In a paper covering the episode, a group of blockchain professionals has come up with a possible answer. Beyond the threshold, the November 22nd liquidations become toxic. Each forced closing of his loan made Eisenberg’s remaining position riskier when compared to the available collateral. That, in turn, called another bot, and everything got out of hand. If the fixed liquidation incentive of 4.5% had been dynamic, if it had decreased gradually as the collateral cap dwindled, the platform could have avoided accumulating any bad debts.

“Toxic liquidations are dangerous for the protocol because they mathematically guarantee that the health of a user’s wallet will deteriorate through no fault of their own,” Jacob Warmuz and colleagues note in the study. “As a general rule, abrupt short-term responses to complex dynamic behaviors produce worse outcomes than the response set out to achieve. They should be avoided unless absolutely necessary.”

Fixes should arrive sooner rather than later. Not because your next mortgage will be DeFi – good luck putting your municipal property registry on the public blockchain. The main impetus is that a large part of traditional trade in commodities could benefit if decentralized finance allows a fund of wine or Japanese yen owed by its importer to become an asset on the blockchain. so that money may be raised for it more cheaply than would now be possible after fees were paid to the intermediaries. In November, JPMorgan Chase & Co. With a small transaction on Aave, it took its first live position on a public blockchain. With the TradFi giants getting their start in DeFi, the whole thing is getting serious.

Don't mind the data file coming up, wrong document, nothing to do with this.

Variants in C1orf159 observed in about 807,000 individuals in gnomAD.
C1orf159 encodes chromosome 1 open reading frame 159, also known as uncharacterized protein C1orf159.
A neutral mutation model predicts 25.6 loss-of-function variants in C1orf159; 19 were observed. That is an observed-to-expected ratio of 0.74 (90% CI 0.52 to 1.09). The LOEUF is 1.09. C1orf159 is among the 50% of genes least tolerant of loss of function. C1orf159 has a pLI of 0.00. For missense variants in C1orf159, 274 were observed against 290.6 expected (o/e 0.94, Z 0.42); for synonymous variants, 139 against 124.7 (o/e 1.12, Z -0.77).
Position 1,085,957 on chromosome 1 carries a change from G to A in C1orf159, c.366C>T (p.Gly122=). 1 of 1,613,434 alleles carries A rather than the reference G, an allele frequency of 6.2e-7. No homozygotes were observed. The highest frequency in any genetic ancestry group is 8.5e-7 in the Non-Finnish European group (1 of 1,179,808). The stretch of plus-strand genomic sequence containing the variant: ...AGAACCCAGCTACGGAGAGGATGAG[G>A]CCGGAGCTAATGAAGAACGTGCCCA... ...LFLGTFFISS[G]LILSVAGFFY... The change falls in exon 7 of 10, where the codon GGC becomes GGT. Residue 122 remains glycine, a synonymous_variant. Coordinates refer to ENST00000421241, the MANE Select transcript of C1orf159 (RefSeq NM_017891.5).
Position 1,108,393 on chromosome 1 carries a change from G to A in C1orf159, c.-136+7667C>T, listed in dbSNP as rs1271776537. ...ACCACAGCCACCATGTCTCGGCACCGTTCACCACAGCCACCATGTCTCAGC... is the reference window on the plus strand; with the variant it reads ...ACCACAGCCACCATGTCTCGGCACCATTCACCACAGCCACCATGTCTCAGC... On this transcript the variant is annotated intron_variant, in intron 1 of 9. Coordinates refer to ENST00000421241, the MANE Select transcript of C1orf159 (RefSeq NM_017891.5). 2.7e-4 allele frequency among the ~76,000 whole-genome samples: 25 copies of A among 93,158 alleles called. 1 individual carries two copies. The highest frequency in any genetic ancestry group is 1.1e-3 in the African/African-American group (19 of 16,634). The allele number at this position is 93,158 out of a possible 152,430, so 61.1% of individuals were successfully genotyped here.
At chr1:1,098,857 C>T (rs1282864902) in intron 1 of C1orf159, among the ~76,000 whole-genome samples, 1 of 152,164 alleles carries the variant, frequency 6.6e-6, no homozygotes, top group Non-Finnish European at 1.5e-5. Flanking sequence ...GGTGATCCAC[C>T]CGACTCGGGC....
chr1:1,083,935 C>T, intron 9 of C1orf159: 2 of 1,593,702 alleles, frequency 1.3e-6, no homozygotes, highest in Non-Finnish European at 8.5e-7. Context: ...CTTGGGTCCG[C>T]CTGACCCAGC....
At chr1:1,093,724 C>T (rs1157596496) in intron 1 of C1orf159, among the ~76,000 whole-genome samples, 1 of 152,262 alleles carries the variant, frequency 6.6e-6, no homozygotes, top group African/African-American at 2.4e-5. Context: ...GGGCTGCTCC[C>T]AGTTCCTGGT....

Whether the future of DeFi is fantastical or dystopian is not something finance professors or practitioners can determine for themselves. A piece of software code that runs like a full contract, leaving no room for the courts to step in if things go wrong, requires us to imagine, among other things, a less healthy ending to Shakespeare’s The Merchant of Venice. Legal and cultural philosophers should also bookmark Eisenberg’s filtering. They may have to get into the discussion soon.

More from Bloomberg Opinion:

• Will cryptocurrency be a safe investment?: Andy Mukherjee

• Beware of the dangers of too much cryptography: Tyler Cowen

• Beware of the crypto billionaires who brag about vetting: Lionel Laurent

(1) See “Toxic Liquidation Snails: Evidence from AAVE’s Bad Debt,” paper by Jacob Warmuz, Amit Choudhury, and Daniel Pena.

This column does not necessarily reflect the opinion of the editorial board or Bloomberg LP and its owners.

Andy Mukherjee is a columnist for Bloomberg Opinion covering industrial and financial services companies in Asia. He previously worked for Reuters, Straits Times and Bloomberg News.